State universities, colleges and related organizations are spending at least $2 million a year on lobbyists, according to new disclosure records required by the Florida House.
The lobbying-fee totals will rise as firms continue to file copies of their contracts with public agencies, including colleges, cities, counties, school boards, hospitals and special districts, under a new rule initiated by House Speaker Richard Corcoran, R-Land O' Lakes.
As of Wednesday, lobbying firms had reported $775,000 in annual contracts with nine state universities, ranging from a low of $45,000 a year to $150,000. Contracts had not been disclosed for three schools, the University of Central Florida, the University of South Florida and Florida Atlantic University, although they employ private lobbyists.
Student associations at the University of Florida and the University of South Florida reported two contracts totaling $105,000, with disclosures pending for similar student groups at Florida State University and the University of Central Florida.
Two institutes affiliated with the state university system reported $240,000 in lobbying contracts, including $180,000 for the Florida Institute for Human and Machine Cognition, which has branches in Pensacola and Ocala.
An association affiliated with the University of South Florida medical school reported a $110,000 contract.
Seven of the 28 state colleges had reported lobbying contracts totaling $627,000, with disclosures pending for at least six other colleges that have registered lobbyists. The Association of Florida Colleges, which represents the 28 schools as a group, also has a $112,500 a year contract with a lobbying firm.
The lobbying-contract disclosures are part of Corcoran's broader effort to curb the influence of lobbyists on the legislative process and to make Florida "a national leader in transparency and accountability."
He has criticized the practice of public agencies, like cities, paying lobbyists to push or oppose legislation and budget projects in Tallahassee. He has said elected officials should do their own lobbying and should not use tax dollars to pay for lobbyists.
Universities and colleges are a little different. The institutions are led by academics, although each school has an appointed board of trustees. Additionally, the schools are already prohibited by state law from using public funds to pay for lobbyists. The contracts are funded with private money raised by the schools' foundations.
At the university level, the schools use a combination of paid lobbyists and university leaders to make their cases in the Legislature.
Janet Owen, a vice president for governmental affairs and an associate general counsel at the University of North Florida, said her school, which employs The Fiorentino Group for $72,000 a year, was "actually late" to the practice of hiring outside lobbyists.
"We saw that those institutions utilizing lobbying firms had better results in the legislative process," Owen said. "While regional elected officials support the institutions in their districts and region, as well as their alma maters, education- appropriations and education-policy committees are made up of elected officials from all over the state."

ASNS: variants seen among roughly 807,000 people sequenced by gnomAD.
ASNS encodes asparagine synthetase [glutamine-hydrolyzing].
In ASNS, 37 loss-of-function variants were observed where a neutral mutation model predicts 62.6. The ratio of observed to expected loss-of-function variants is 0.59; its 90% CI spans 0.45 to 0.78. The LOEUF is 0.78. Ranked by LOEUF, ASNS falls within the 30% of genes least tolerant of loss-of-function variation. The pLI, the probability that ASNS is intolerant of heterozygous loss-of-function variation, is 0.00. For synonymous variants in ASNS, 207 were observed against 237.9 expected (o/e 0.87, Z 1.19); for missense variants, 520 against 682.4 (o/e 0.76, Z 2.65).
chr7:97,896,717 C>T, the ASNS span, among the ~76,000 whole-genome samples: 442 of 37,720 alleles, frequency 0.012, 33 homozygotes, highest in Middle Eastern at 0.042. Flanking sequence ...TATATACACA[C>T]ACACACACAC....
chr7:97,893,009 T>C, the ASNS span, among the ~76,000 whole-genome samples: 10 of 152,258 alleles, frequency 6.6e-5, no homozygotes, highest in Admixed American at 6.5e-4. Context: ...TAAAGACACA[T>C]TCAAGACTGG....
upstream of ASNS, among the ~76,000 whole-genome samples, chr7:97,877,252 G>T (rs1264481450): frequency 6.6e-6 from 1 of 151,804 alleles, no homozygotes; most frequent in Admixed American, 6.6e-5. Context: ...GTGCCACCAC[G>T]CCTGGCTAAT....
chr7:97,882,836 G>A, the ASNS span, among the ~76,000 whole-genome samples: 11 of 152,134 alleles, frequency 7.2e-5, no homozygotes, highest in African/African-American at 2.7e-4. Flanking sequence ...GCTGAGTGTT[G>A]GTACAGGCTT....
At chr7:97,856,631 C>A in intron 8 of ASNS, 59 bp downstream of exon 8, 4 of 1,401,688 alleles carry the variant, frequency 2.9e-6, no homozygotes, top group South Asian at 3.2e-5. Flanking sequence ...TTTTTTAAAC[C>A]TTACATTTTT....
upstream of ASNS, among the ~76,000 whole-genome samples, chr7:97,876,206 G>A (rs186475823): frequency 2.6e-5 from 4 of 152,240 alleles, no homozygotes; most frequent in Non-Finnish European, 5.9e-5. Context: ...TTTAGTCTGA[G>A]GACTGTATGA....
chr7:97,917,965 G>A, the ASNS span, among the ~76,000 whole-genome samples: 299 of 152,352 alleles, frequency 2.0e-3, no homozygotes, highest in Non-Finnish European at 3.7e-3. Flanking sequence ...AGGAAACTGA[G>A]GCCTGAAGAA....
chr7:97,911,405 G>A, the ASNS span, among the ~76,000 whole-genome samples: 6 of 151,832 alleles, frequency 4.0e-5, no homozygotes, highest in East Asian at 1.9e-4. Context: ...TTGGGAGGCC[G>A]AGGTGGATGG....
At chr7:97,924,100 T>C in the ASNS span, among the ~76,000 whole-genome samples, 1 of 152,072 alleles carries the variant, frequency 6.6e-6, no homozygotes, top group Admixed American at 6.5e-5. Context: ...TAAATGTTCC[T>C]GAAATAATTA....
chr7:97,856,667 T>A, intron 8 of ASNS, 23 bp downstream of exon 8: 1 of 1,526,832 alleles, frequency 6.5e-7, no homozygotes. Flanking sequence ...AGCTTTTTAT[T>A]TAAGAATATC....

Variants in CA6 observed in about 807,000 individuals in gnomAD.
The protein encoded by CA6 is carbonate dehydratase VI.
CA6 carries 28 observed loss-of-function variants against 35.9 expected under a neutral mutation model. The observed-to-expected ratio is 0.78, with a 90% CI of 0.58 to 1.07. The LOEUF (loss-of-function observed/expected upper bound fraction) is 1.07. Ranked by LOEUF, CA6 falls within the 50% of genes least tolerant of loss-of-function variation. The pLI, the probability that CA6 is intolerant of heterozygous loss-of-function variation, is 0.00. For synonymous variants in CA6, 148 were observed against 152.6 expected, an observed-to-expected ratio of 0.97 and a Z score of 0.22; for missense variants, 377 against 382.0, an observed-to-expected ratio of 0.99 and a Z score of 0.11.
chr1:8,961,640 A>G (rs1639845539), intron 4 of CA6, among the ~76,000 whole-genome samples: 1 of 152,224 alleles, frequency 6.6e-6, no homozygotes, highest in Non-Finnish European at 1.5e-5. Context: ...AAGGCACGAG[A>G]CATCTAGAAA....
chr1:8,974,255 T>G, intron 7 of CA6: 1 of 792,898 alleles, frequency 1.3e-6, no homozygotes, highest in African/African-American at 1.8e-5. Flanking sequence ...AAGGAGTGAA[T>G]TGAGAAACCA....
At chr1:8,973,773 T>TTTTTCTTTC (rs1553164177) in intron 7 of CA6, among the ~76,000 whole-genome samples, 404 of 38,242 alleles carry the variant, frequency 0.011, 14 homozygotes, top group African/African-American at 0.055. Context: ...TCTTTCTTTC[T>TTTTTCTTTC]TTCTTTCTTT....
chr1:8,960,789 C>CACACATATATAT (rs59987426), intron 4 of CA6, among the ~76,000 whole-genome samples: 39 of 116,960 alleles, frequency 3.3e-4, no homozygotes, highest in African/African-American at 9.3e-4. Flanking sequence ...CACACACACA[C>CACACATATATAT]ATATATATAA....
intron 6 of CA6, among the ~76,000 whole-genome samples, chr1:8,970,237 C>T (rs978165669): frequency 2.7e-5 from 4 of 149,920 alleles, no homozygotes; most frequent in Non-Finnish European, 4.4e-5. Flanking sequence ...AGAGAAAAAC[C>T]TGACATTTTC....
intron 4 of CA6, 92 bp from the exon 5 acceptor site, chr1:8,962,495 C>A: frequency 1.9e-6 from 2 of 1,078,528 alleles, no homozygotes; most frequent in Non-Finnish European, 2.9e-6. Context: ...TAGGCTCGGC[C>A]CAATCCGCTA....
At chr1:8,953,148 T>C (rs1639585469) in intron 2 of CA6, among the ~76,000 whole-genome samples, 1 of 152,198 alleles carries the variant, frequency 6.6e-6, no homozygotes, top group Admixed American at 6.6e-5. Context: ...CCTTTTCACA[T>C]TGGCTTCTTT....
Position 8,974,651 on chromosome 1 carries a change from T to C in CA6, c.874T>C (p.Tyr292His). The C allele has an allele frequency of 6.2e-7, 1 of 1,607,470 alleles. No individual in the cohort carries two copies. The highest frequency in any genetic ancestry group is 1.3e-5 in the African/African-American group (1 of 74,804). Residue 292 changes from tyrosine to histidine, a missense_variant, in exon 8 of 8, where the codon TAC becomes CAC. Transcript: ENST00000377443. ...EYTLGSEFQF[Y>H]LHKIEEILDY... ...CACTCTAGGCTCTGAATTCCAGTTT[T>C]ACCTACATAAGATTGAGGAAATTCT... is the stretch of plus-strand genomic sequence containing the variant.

"Outside lobbying firms have statewide relationships, which can be invaluable to a regional university that may not be well known in other parts of the state," she said.
New College of Florida, the smallest institution in the university system, is paying $84,000 to Capital City Consulting for lobbying this year. Among other issues, the school is looking for initial support for an ambitious growth plan that would expand the college from about 850 students to 1,200 by 2022.
David Gulliver, a spokesman for the school, said that although college President Donal O'Shea and a vice president are registered to lobby, administrators find it "more cost effective to contract with an outside firm."
Florida Polytechnic University, the state's newest university, uses a combination of staff members and an outside firm, Ballard Partners, at $72,000 a year.
Crystal Lauderdale, a spokeswoman for the school, said using an outside lobbying firm is "essential in the ultra-competitive environment for gaining funding from Florida's Legislature, given the difficult choices legislators face when trying to allocate limited state dollars."
At the state college level, Ed Meadows, president of Pensacola State College, which pays the Ballard firm $90,000 a year, said college leaders are educators first, concentrating on running their institutions.
"A lobbyist's job is not just to lobby, but also to advise and consult with people whose main job is education," Meadows said. "We are not lobbyists. We do not know the ins and outs or even understand, at times, the legislative process."
Meadows likened hiring a lobbyist to using a lawyer to navigate the legal system.
"They advise us on the legislative process and who we should be speaking with about our legislative priorities," he said.
The Ballard firm is the leader in the lobbying contracts, representing five state colleges, the state college association and three universities.
Former lawmakers are also active in the lobbying arena, with former Senate President Ken Pruitt, R-Port St. Lucie, representing Florida Atlantic University, former House Speaker Dean Cannon, R-Winter Park, representing the University of Central Florida, and former Senate budget chairman JD Alexander, R-Lake Wales, representing two state colleges in Central Florida. Their lobbying contracts have yet to be disclosed.
Michael Corcoran, brother of the House speaker, is representing the University of South Florida, but the contract has not yet been disclosed. He is being paid $50,000 to represent the university's student association.
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